Nicotine addiction is secondarily driven by a psychological association of nicotine use with various situations. To this extent, it more closely resembles a "habit". However, for the quitter, these associations are very dangerous because of the physical addiction that underlies them. An addict who's been quit for 2 weeks, 2 months or 2 years will encounter a situation in which they used to smoke, and if they haven't encountered that situation before (say a wedding reception), they will likely have a psychological urge. If the moment is allowed to pass without using, then it will fade, and the next time the person encounters that situation, he will either not have the aurge, or the urge will be much less powerful. If, however, the addict uses nicotine, regardless of how long they've been off, they reestablish the physical dependency to the drug. That's a whole different kettle of fish.
Actually, that's one of the best tools for explaining how serious this addiction is: not how hard it is to quit; but how easy it is to lose the quit. There is a post at Freedom containing the stories of various quitters with stories of losing long-term quits to the myth of "one puff". It's a litany of frightening instances of people who had been comfortably living their lives as non-smokers for 6 months, 5 years, 20 years, returned almost immediately to their old consumption levels (half a pack, 1 pack, 2 packs per day) after attempting to break the "law of addiction": that the readministration of an addictive substance to the addict's system will reestablish that addiction for that person. Here's a link to that post.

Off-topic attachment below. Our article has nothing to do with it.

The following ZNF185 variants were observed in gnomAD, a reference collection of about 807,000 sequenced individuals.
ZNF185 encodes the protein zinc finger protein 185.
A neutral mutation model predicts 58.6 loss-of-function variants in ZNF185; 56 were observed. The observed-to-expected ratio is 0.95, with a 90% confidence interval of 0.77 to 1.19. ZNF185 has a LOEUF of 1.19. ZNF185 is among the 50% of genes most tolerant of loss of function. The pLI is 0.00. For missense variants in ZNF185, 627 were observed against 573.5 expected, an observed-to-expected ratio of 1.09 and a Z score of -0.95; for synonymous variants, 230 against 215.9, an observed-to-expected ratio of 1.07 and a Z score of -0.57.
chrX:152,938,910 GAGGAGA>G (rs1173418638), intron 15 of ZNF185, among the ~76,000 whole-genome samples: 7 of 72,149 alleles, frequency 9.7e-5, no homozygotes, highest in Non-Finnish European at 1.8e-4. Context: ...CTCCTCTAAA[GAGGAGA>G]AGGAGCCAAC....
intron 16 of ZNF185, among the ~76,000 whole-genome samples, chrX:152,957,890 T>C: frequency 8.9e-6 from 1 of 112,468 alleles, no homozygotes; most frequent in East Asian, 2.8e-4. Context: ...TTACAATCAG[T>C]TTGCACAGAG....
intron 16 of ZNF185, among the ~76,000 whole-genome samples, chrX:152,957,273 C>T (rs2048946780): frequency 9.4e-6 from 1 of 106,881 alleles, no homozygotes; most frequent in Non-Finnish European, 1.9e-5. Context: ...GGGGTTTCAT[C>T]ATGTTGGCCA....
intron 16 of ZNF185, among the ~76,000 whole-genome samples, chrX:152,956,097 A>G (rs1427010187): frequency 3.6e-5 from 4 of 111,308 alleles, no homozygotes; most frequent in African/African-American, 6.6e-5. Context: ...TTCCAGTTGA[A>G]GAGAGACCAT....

3) Finally, love for cigarettes. This is another common misconception among smokers. They believe they love smoking. In truth, while it certainly seems that way, smoker's hate not smoking. This is because of withdrawal. Nicotine creates its own stress via withdrawal. As 20 minutes or so pass since the last cigarette, (length of time is different for different people), withdrawal will begin to have effects. The person will start to feel stressed, tense, fidgety, agitated, emotional, hot around the collar, etc. Reapplication of nicotine to the system relieves (temporarily) these symptoms (while simultaneously ensuring that they will recur in a timely manner, once the nicotine levels subside again). So, in reality, smokers only think they love smoking. What they really love is the relief that nicotin provides from its own withdrawal. They hate NOT smoking more than they love to smoke.
This is one of the hardest points to get through to a long-term smoker. Many smokers have been smoking for 30 or 40 years, and since they were kids. The belief that they love smoking is deeply engraved in their psyches.
Again, I strongly encourage anyone considering quitting, or wondering how they can help their friend or family member quit, to visit whyquit.com.